Former Narrabri resident John Dunnet, now of Toronto, was awarded the Medal of the Order of Australia, OAM, on the King’s Birthday Honours for ‘service to the print media industry.’
Mr Dunnet, who retired in 2007, is a third generation family member whose working lives have been dedicated to community newspapers.
Mr Dunnet said he had been greatly honoured to be included in the awards.
“It has been a thrill for myself to be awarded this honour and I take even greater pride in being recognised for the efforts of myself and many others in championing the importance of regional rural print publications in Australia,” he said.
He served as an industry delegate to the Australian Press Council for 18 years from 1997. The Council met regularly in Australian capital cities with the mission to maintain journalistic standards and resolve issues involving allegations brought to it questioning published information protocols.
Mr Dunnet served as a board member of the regional newspapers’ national industry body Country Press Australia from 1986-1997 and president 1995-1997 and was Country Press NSW president from 1986-1999, being made a Life Member in recognition of many years on the state board.
He was co-proprietor and managing director of The Courier, Narrabri, from 1972-2007.
During that time Mr Dunnet was chairman of the North West Magazine partnership, awarded a Centenary Medal in 2001 and was a long serving member of the New England-North West Regional Development Board.
Mr Dunnet said his involvement in the country press had roots in the fact that his family association with the industry now bridged three centuries.
“My grandfather, father and uncle, and a now my brother Ian and sister-in law Wanda are carrying on a tradition of service to the community in the north west of NSW and beyond. We remain a family which upholds the traditions and responsibilities of a free press in this country,” he added.
Mr Dunnet said the tides of economic change, largely driven by the digital revolution, had seen regional print media fall away in Australia and overseas since the beginning of this century as social media forms spread globally.
“Sadly, many Australian regional communities have lost their ‘locals’ in recent years, especially when the COVID menace was at its worst.
“I am pleased to say these is a resurgence in local newspapers in country areas – and some city suburbs,” he said.
“I trained as a journalist in the 1960s. In those days there was a clear distinction between objective reporting and subjective commentary. I recall being part of a training session with a senior journalist who asked the gathering of eager cadets what we called ourselves’. We said ‘Journalists’. “No, you’re not,” he replied, “you’re reporters – don’t forget it!””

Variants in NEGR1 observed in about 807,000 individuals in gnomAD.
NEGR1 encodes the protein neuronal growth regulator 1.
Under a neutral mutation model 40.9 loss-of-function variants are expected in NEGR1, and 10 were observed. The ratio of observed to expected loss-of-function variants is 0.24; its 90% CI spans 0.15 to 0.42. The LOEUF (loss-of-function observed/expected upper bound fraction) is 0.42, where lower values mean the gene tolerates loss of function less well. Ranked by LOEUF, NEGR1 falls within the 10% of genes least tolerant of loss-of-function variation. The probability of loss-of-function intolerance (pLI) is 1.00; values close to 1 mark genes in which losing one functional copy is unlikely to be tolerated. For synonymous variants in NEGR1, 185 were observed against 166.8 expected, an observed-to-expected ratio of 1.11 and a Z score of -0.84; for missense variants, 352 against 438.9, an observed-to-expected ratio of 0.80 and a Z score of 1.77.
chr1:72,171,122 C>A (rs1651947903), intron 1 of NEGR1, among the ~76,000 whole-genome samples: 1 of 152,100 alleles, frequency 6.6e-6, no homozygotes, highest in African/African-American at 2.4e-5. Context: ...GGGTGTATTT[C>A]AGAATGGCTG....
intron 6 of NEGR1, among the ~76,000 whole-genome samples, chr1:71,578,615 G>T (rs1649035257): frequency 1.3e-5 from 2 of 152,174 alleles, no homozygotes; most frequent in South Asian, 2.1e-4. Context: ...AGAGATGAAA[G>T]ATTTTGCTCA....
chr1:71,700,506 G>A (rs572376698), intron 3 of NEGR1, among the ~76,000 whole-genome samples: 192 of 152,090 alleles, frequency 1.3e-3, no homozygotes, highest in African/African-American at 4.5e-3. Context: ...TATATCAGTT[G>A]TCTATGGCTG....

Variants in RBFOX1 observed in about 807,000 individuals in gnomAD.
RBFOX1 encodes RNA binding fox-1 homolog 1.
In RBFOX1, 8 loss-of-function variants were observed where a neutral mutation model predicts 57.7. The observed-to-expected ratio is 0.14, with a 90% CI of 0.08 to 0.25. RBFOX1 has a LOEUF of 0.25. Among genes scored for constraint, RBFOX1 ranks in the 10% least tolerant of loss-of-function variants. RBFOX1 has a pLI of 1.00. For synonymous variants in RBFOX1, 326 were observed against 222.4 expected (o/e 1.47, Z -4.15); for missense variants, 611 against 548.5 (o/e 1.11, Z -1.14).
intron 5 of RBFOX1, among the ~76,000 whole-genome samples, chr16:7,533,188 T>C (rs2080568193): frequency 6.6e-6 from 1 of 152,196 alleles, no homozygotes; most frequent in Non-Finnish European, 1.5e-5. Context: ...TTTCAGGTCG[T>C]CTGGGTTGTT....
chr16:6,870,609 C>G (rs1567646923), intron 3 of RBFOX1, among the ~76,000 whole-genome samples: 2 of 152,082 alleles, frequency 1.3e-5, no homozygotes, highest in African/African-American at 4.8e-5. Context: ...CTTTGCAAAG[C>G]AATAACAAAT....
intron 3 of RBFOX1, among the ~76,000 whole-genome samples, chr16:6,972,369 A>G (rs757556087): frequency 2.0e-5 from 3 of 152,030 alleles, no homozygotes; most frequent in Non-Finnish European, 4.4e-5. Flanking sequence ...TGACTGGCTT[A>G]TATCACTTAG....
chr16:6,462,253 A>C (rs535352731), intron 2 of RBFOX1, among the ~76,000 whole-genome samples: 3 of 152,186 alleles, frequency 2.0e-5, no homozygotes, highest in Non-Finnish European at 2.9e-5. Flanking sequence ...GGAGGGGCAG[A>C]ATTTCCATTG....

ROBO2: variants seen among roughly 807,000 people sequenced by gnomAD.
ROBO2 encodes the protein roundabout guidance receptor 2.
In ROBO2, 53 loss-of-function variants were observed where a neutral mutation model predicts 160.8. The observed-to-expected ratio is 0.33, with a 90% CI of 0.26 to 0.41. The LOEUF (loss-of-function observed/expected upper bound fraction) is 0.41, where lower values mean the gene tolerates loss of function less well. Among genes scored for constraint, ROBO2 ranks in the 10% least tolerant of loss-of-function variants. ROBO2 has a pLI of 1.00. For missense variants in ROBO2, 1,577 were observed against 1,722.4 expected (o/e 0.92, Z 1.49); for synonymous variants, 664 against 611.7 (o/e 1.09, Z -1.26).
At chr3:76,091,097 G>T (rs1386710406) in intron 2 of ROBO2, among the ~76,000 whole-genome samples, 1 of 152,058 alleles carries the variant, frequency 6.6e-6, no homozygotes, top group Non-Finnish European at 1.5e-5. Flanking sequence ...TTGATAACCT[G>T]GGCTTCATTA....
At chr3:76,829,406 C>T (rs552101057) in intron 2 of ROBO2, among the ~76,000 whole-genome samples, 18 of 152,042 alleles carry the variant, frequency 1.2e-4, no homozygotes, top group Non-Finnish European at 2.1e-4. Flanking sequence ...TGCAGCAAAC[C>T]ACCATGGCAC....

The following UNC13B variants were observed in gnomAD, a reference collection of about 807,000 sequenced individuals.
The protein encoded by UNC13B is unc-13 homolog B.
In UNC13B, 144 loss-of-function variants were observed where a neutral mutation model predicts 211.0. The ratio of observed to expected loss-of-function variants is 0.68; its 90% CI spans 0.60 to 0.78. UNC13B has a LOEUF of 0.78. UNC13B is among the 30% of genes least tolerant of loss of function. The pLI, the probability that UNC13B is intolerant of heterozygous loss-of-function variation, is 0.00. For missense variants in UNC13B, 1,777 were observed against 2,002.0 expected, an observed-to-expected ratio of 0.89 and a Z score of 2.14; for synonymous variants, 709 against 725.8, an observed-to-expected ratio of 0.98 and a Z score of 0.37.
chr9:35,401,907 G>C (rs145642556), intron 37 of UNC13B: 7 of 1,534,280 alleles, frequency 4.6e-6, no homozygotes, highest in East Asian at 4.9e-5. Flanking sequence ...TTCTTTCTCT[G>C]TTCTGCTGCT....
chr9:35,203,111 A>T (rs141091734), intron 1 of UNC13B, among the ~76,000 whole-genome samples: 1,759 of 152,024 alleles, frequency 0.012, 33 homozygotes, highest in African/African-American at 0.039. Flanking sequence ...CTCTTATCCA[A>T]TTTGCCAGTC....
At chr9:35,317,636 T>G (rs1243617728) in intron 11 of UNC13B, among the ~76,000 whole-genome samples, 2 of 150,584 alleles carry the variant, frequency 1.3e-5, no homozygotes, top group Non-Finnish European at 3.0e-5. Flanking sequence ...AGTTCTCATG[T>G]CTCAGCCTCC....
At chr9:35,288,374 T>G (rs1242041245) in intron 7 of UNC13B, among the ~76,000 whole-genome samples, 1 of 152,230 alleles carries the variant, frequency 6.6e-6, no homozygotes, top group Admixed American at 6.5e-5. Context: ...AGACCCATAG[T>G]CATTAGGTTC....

“But, since the 1980s when reporters of all types won the right to by-lines in the publications they served, news reporting, in my view, has become more subjective in nature and the line between straight reporting and news commentary has become blurred at times. The major publishers have accepted this situation, believing this is what readers now wanted.
“I still hold the view that those who adopt the conceit of the Fourth Estate should recognise that they should be both responsible and accountable to their readers and society at large.
“I used to remind young journalists in my employ that we, as newspapermen, have no mandate, no special protections, and no authority to act as we do; other than an unwritten compact with society, one that endures as long as there is responsibility and accountability. We seek to report, chronicle, comment, warn and advise as journalists and editors. Our continuing creditability – and circulation – rests in our readers’ trust.”
Mr Dunnet said that in his working life he had sought at state and national levels to ensure that the practice of journalism in our regions is delivered by newspapermen and women who are determined to uphold the traditions of accountability and responsibility. Between 1997 and 2015 Mr Dunnet served on the Australian Press Council. He said a feature of the APC was that it was prepared to regularly assess itself in its role and obligations in maintaining the principles and standards of Australian journalism.To order photos from this page click here